Ethanol In Gasoline Causing Hidden Damage To Engines - | Nashville News, Weather & Sports

Ethanol In Gasoline Causing Hidden Damage To Engines

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by Jason Lamb

NASHVILLE, Tenn. – From lawnmowers to cars, ethanol helps power many of the things we use each day, but the gasoline additive can cause damage if you're not careful.

The ethanol that's in most gasoline can do a number on some car engines, particularly older ones – eating away at the oxygen sensor and potentially causing damage to the catalytic converter.

Special fuel additives or ethanol-free gas stations can solve the problem, but car mechanics say it's something to be aware of.

The problem can also extend to lawn equipment.

"We have a lot of two-cycle weed eaters and blowers in here with messed up primer bulbs and messed up fuel lines," says Clay Robinson with Nashville Lawn Equipment.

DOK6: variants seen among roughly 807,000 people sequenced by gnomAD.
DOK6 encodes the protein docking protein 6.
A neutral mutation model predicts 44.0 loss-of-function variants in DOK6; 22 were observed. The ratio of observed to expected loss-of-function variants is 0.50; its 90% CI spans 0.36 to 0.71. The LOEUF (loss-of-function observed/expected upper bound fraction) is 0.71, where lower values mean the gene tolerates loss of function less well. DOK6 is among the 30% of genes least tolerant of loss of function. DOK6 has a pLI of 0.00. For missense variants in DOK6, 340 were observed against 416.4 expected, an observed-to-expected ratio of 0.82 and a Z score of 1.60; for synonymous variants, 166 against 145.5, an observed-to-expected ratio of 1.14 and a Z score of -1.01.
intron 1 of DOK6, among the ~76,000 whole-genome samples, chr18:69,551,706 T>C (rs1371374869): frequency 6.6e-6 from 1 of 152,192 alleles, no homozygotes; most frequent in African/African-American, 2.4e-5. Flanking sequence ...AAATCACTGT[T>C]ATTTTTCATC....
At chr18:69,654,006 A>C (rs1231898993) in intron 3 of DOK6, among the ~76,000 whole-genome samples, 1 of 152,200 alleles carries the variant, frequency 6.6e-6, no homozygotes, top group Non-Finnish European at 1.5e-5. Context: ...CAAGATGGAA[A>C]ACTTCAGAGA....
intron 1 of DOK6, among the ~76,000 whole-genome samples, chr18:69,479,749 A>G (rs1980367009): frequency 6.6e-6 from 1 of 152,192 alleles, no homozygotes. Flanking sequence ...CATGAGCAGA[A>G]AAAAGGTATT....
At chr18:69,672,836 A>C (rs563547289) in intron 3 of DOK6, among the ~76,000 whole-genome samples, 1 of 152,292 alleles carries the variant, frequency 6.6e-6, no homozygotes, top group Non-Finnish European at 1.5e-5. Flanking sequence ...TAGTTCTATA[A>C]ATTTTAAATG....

Smaller engines are more likely to stop working because of ethanol in the gas that powers them, if left untreated. 

Robinson said the ethanol breaks down the fuel inside, and it's by far the most common reason a homeowner brings in a weed eater for repair.

Ethanol-free gas is about 40 cents per gallon more expensive than traditional gasoline.

You can also purchase a gasoline additive to eliminate the problems caused by ethanol for about $20 for a bottle. Each bottle treats up to 48 gallons of gas.


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